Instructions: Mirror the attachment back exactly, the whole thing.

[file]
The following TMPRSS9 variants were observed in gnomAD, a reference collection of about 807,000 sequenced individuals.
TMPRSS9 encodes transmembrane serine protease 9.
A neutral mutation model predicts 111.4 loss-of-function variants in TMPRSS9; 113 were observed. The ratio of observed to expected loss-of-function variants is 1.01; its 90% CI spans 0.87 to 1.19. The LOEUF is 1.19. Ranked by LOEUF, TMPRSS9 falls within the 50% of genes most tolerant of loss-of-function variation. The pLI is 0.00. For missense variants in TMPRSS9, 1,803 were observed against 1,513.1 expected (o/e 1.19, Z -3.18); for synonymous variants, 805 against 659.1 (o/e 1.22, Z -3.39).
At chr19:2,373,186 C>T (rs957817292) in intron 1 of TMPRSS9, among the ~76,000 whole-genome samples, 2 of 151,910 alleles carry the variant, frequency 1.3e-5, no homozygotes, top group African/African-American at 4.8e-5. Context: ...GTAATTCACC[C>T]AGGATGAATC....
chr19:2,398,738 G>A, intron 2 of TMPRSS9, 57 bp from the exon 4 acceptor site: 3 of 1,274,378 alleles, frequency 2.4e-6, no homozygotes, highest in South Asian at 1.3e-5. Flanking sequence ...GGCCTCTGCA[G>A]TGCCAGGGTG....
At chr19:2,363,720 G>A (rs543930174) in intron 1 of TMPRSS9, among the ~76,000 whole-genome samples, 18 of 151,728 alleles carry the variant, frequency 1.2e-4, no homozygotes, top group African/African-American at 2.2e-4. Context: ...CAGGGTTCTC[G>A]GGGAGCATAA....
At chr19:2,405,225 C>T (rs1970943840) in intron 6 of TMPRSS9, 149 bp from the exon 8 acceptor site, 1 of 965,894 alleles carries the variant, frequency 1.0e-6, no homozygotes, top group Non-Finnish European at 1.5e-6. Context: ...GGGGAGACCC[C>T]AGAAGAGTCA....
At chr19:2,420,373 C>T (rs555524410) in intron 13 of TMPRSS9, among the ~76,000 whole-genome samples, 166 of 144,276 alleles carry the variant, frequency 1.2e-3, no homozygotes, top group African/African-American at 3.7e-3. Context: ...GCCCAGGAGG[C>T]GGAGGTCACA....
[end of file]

The following TMPRSS9 variants were observed in gnomAD, a reference collection of about 807,000 sequenced individuals.
TMPRSS9 encodes transmembrane serine protease 9.
A neutral mutation model predicts 111.4 loss-of-function variants in TMPRSS9; 113 were observed. The ratio of observed to expected loss-of-function variants is 1.01; its 90% CI spans 0.87 to 1.19. The LOEUF is 1.19. Ranked by LOEUF, TMPRSS9 falls within the 50% of genes most tolerant of loss-of-function variation. The pLI is 0.00. For missense variants in TMPRSS9, 1,803 were observed against 1,513.1 expected (o/e 1.19, Z -3.18); for synonymous variants, 805 against 659.1 (o/e 1.22, Z -3.39).
At chr19:2,373,186 C>T (rs957817292) in intron 1 of TMPRSS9, among the ~76,000 whole-genome samples, 2 of 151,910 alleles carry the variant, frequency 1.3e-5, no homozygotes, top group African/African-American at 4.8e-5. Context: ...GTAATTCACC[C>T]AGGATGAATC....
chr19:2,398,738 G>A, intron 2 of TMPRSS9, 57 bp from the exon 4 acceptor site: 3 of 1,274,378 alleles, frequency 2.4e-6, no homozygotes, highest in South Asian at 1.3e-5. Flanking sequence ...GGCCTCTGCA[G>A]TGCCAGGGTG....
At chr19:2,363,720 G>A (rs543930174) in intron 1 of TMPRSS9, among the ~76,000 whole-genome samples, 18 of 151,728 alleles carry the variant, frequency 1.2e-4, no homozygotes, top group African/African-American at 2.2e-4. Context: ...CAGGGTTCTC[G>A]GGGAGCATAA....
At chr19:2,405,225 C>T (rs1970943840) in intron 6 of TMPRSS9, 149 bp from the exon 8 acceptor site, 1 of 965,894 alleles carries the variant, frequency 1.0e-6, no homozygotes, top group Non-Finnish European at 1.5e-6. Context: ...GGGGAGACCC[C>T]AGAAGAGTCA....
At chr19:2,420,373 C>T (rs555524410) in intron 13 of TMPRSS9, among the ~76,000 whole-genome samples, 166 of 144,276 alleles carry the variant, frequency 1.2e-3, no homozygotes, top group African/African-American at 3.7e-3. Context: ...GCCCAGGAGG[C>T]GGAGGTCACA....